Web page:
It is unfortunate that The New York Times, “the paper of record,” displays double standards when reporting about Israel. Israel is the only country whose leaders, policies, and society are routinely singled out for condemnation in the newspaper. Take, for example, last week’s report about racism among Israeli soccer fans. The article purported to cover recent protests by Beitar soccer fans against the recruitment of Muslim players for the team, but this was merely an opportunity to present a sweeping indictment of Israeli society.

Racism among soccer fans is not unique to Israel, nor does it reflect on society at large. In fact, The New York Times, only a few weeks earlier, published a story about racism among soccer fans and players in Europe, noting that it is “hardly a new phenomenon.” The article pointed out that it is an acute problem in Russia, Ukraine, and the Balkans, as well as in Britain and France. It also mentioned that 25 racist incidents occurred during the latest soccer season in Italy. But there was no suggestion that European soccer fans represent their nation’s values.

So how was a story about the deplorable message of some Israeli soccer fans, which provoked widespread condemnation within Israel, turned into an indictment of Israeli society?

The article relied partly on biased sources to convey this message. For example, it quoted Moshe Zimmerman, introduced as a historian who specializes in sports, to assert that the soccer fans represent an Israeli society that “on the whole is getting more racist.” But it did not inform readers that Zimmermann has a penchant for signing anti-Israel petitions, and making derogatory statements about Israelis, including comparisons to Nazis and Hitlerjugend.

Another source, Adalah, was described as “a legal center for Arabs in Israel” that “counted 20 discriminatory laws passed by the current government.” What the reporter failed to mention, however, was the sort of laws deemed discriminatory by Adalah include, for example, revoking the citizenship of those convicted of treason or terrorism; withdrawal of salary from a Knesset member who is guilty of a serious crime; and not providing government funding for rallies and activities opposing Israel as a Jewish state.

The article disingenuously implied a racist motive to newly elected Yair Lapid for his refusal to join a coalition with a certain Arab member of Knesset. What the correspondent avoided mentioning, however, was that Lapid’s opposition was not based on race but on the fact that the MK had joined other anti-Israel activists on a flotilla designed to provoke Israel and illegally break its embargo of Hamas-ruled Gaza.

While the article’s half-truths, omissions and use of biased sources represent a clear departure from journalistic standards, they exemplify the tactics used to implicate Israel in wrongdoing. This is not an isolated example of such reporting by The New York Times.

A newly published study by CAMERA (Committee for Accuracy in Middle East Reporting in America) reveals a similar, long-term pattern of distortions. Nearly 200 news articles and 20 opinion columns were methodically analyzed between July 1 and Dec. 31, 2011. The resulting, 98-page monograph, Indicting Israel: New York Times Coverage of the Palestinian-Israeli Conflict, summarizes the quantitative and qualitative disparities in the reporting of each side. Among the results:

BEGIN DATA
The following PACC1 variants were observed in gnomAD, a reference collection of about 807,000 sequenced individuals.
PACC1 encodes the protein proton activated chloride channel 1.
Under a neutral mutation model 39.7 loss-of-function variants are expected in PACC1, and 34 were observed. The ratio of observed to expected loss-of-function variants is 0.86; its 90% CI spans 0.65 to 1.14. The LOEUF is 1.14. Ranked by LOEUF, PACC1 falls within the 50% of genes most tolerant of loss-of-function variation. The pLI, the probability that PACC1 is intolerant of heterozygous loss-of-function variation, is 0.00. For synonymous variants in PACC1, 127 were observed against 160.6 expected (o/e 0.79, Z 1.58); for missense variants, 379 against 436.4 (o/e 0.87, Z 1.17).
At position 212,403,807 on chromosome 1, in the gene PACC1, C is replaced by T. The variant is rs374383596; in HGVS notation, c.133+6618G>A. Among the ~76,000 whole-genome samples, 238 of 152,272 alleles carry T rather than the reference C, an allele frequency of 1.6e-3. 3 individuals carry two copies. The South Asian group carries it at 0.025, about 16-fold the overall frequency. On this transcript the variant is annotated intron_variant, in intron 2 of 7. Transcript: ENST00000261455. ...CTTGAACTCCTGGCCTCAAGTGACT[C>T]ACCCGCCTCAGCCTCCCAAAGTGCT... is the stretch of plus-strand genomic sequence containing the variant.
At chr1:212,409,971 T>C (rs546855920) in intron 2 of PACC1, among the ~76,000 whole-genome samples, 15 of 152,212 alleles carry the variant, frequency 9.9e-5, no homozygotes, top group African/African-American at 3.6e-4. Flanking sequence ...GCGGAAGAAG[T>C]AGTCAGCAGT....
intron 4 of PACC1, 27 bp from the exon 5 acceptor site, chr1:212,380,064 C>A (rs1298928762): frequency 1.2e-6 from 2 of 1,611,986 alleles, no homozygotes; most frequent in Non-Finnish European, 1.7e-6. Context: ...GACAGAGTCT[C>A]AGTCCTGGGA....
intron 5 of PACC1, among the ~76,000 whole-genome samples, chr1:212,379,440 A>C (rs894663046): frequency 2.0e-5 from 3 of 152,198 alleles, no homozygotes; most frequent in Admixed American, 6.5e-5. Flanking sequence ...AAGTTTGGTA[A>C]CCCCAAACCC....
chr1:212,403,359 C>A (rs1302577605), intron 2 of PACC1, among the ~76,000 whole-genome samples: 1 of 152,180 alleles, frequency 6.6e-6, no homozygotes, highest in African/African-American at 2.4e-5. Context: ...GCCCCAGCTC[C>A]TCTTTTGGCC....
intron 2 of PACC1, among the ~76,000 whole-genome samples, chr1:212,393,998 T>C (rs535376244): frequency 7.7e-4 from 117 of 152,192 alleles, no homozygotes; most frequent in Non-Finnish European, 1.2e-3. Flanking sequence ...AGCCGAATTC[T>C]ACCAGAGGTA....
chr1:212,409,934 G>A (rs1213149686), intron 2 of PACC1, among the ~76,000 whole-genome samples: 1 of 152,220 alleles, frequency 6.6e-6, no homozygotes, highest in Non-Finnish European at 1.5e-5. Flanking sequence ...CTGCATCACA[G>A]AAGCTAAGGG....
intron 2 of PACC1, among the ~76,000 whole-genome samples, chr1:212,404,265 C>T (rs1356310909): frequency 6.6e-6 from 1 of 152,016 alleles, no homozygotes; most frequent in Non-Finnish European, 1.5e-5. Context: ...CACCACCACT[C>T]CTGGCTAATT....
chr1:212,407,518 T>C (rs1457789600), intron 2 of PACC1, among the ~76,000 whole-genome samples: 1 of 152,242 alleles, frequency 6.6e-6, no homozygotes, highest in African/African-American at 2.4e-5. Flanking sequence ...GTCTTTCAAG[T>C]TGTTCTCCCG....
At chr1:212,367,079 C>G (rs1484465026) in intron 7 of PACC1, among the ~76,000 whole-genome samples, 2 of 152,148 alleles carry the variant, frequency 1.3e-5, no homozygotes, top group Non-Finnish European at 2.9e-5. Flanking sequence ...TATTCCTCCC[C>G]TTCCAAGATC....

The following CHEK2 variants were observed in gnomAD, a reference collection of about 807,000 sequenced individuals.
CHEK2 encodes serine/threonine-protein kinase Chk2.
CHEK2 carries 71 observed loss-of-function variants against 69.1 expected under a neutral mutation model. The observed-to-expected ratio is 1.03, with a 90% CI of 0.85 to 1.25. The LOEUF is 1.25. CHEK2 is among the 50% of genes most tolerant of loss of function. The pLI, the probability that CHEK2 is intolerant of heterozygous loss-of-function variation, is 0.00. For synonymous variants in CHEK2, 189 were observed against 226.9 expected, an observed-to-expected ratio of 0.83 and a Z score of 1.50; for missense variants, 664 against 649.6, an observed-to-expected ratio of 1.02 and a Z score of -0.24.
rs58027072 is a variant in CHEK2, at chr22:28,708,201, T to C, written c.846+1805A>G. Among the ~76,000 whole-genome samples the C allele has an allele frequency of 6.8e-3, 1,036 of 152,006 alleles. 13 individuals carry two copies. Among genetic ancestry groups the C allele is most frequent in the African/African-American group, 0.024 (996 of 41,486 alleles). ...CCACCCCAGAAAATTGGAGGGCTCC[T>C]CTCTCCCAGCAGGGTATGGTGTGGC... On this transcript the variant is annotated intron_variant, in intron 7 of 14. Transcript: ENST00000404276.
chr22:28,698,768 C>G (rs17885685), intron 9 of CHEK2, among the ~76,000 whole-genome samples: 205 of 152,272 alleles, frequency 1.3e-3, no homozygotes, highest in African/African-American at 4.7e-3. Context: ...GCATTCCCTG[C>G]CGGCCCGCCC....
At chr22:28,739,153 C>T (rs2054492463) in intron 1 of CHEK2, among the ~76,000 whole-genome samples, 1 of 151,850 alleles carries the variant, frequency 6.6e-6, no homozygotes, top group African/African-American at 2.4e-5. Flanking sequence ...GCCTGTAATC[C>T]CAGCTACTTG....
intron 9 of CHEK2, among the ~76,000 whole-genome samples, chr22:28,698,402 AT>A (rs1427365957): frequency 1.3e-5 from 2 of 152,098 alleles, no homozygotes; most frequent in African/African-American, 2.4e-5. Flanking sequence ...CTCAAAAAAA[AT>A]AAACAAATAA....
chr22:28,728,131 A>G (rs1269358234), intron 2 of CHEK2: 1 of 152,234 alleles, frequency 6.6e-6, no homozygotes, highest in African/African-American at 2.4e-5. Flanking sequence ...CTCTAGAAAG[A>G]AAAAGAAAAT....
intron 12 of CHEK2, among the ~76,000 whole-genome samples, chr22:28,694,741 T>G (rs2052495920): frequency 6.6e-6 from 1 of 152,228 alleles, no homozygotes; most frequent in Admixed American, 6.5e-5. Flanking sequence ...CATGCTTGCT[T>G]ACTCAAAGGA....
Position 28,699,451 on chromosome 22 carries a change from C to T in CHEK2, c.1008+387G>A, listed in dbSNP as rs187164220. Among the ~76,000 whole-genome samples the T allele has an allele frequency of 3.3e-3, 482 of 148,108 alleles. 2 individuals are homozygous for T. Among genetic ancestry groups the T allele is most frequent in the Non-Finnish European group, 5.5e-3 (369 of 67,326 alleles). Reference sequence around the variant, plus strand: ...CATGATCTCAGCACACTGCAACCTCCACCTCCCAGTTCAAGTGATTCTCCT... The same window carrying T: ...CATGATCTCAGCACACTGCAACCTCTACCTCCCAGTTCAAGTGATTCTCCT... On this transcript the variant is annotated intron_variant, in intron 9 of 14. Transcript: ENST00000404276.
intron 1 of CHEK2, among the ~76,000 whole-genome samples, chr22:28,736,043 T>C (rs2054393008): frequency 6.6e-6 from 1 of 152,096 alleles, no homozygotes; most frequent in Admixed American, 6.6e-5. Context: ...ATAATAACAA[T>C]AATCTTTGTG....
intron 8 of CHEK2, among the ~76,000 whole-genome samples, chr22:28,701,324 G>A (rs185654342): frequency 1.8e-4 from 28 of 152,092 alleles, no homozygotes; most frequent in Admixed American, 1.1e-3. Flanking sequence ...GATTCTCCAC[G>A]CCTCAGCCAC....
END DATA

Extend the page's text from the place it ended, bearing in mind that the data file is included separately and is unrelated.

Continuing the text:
*Israeli leaders, policies, and society were criticized more than twice as often as those of Palestinians.

*Nearly eighty percent of the articles referring to the use of force by Israeli soldiers aboard a Turkish ship carrying anti-Israel activists omitted mention of the violence by activists that precipitated Israel’s response.

*A dozen headlines highlighted Palestinian fatalities by Israeli fire, but none mentioned Israeli deaths by Palestinians, although 14 Israelis were killed during this period. 

*Three quarters of all the commentary on the editorial and op-ed pages were focused on indicting Israel while none focused on indicting Palestinians.

*The dominant narrative over time was an indictment of Israel that was embedded throughout the news coverage and amplified on the editorial pages.

By contrast, a topic that received scant coverage was the racist and genocidal rhetoric against Israelis and Jews that is promoted by Palestinian leaders and a staple of Palestinian television. The rallying of a Gazan crowd to “harvest the skulls of Jews,” was ignored, as were repeated televised performances glorifying the use of firearms against Israel.

It is this steady, sanctioned indoctrination to hatred and violence – not the unendorsed shouts of soccer fans – that presents the real threat to peace in the region. By ignoring or downplaying the former while emphasizing the latter, The New York Times misleads its readers.

Indeed, when the Times did highlight Egyptian President Morsi’s anti-Jewish and anti-Zionist hate speech on the front page, the results were quick and apparent. The White House, U.S. senators and the German chancellor all took Morsi to task, forcing him to account for his racist rhetoric.

Just imagine the outcome were the influential New York Times to expose Palestinian genocidal racism. Regrettably, The New York Times does not live up to fundamental journalistic standards of fair and accurate news coverage when it comes to Israel – a fact clearly demonstrated by the CAMERA monograph.

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